• Customer’s professional position. How much influence do they have in their organization? Could a word from them sever the relationship?
  • Type of user in the organization. If you are an internal help desk, the type of user, or their position in the organization might reveal key insights.

If you analyze by segments you can start to find insights that are specific to that group of people. If it’s a significant customer or user group, it might be worth making changes that suit them, for example. You might find that some are more prone to churn than others, or that some really appreciate a certain mode of communication or feature in your products.

Look closely at ticket volume patterns

When do you get high volumes, or valleys in your ticket numbers? Your help desk works directly with customers, but how are events outside of the help desk impacting on their work? Understanding this can be very important for improving your processes to meet customer demand.

Here’s an example: let’s say you make an update to a policy or procedure, then find that you get large volumes of tickets requesting information. Is it because that information isn’t readily available to them? Is it hard to find or non-existent? This would tell you that you need to improve your process for creating documentation relevant to any changes. Maybe you need a solution such as a checklist for producing clear documentation prior to a change.

Analyze customer reviews

Do you administer reviews through your help desk? Reading customer reviews can provide you with all sorts of actionable insights, especially if you have the resources to really analyze them and look for patterns.

It’s important to look at all sources of customer feedback, including your social media channels. Look at any trends that crop up - are they leading you toward actions you can take to improve?

Text analysis tools, social listening tools and others, such as NLP or AI-based solutions, can help you to do a deep dive where there is too much data for humans to wade through it all thoroughly. At the very least, you could categorize reviews using an analytical tool and have someone read them more thoroughly for insights.

Remember, it’s not just about looking for things you need to change, but finding what you’re doing right, too. You wouldn’t want to “fix” something that isn’t broken and that people actually enjoy about your product or service.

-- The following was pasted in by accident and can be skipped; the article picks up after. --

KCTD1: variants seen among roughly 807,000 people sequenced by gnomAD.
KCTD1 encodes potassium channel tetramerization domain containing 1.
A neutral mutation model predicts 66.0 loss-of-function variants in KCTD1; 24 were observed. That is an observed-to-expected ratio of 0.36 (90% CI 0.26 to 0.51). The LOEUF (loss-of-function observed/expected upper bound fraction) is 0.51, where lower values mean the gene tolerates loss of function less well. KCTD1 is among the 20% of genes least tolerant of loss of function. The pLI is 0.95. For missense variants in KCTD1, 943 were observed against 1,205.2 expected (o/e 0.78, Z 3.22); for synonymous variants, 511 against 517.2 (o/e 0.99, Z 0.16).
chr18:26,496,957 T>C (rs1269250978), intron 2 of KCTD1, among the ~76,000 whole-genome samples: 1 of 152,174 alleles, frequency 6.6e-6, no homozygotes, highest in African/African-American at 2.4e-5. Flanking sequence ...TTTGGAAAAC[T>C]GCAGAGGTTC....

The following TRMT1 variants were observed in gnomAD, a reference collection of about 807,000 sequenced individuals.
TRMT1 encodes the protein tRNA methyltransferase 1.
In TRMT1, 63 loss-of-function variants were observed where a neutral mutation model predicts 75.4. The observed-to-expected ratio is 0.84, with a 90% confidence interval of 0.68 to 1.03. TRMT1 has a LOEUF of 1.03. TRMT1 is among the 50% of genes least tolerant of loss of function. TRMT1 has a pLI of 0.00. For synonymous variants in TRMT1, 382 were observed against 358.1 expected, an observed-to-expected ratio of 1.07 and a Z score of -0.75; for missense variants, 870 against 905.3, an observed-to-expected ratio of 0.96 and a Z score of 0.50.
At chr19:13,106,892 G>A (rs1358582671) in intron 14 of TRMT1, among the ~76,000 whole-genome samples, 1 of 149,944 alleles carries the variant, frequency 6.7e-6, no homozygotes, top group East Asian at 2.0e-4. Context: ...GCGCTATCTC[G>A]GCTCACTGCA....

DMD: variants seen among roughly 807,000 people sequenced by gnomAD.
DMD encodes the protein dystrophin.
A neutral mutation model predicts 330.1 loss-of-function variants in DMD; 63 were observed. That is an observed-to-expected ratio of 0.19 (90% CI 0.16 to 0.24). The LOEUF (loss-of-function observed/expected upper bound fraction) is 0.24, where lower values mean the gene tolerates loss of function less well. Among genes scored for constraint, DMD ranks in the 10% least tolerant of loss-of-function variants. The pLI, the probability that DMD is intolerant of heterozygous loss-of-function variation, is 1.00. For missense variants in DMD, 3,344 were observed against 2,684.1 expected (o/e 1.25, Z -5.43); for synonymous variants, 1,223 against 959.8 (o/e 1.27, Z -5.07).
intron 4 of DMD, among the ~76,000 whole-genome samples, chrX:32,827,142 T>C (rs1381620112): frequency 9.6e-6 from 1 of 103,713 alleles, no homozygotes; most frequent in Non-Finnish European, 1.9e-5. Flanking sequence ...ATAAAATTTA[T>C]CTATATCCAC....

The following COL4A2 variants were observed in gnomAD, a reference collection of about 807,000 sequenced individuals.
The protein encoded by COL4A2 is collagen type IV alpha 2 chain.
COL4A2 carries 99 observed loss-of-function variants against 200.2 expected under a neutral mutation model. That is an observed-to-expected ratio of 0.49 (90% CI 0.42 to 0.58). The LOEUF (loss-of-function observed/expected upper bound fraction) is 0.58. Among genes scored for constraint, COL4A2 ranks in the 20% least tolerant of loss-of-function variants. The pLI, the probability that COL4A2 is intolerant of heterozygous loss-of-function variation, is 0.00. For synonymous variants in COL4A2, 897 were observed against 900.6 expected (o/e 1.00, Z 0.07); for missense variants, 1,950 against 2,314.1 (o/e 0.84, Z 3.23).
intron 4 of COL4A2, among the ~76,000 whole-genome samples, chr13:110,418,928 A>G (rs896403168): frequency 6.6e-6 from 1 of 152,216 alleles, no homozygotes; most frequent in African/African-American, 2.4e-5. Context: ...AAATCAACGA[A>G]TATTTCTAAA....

Don’t miss any insights…

Once you’ve gathered your insights, how will you ensure that the right actions are taken? It’s important to have a system for organizing feedback, ideas and data-based knowledge so that it is clear, easy to find and actionable.

Many companies gather large volumes of data but never do anything about it. Taking action to apply what you’ve learned can become a competitive advantage. We suggest a system of prioritizing actions based on the goals of the company and the resources that you have available. For example, something might be lower priority but only take five minutes to implement - you might want to take care of low-hanging fruit first.

We have another tool for prioritizing ideas which is a feature of JitBit: an ideas forum. You can use this to have customers or users suggest ideas and have others vote on them. This way you get a very good idea of what is important to your users because they’re directly telling you.

Free download: Ideas for gathering useful feedback

Final thoughts

Your help desk takes on several roles, but one that can deliver a lot of value to your organization is gathering actionable insights. Set up systems to look for patterns, feedback and quality information that can be used to make improvements.

A lot of data comes through the help desk but many organizations miss the opportunities that can offer. Make good use of the information you have and optimize your business approach.


'How to Get Actionable Insights Through Your Help Desk' was written by Katie Joll
Katie Joll
Katie is our writer who specializes in technology and travel. When she's not writing, you'll probably find her on a trail, taking photos.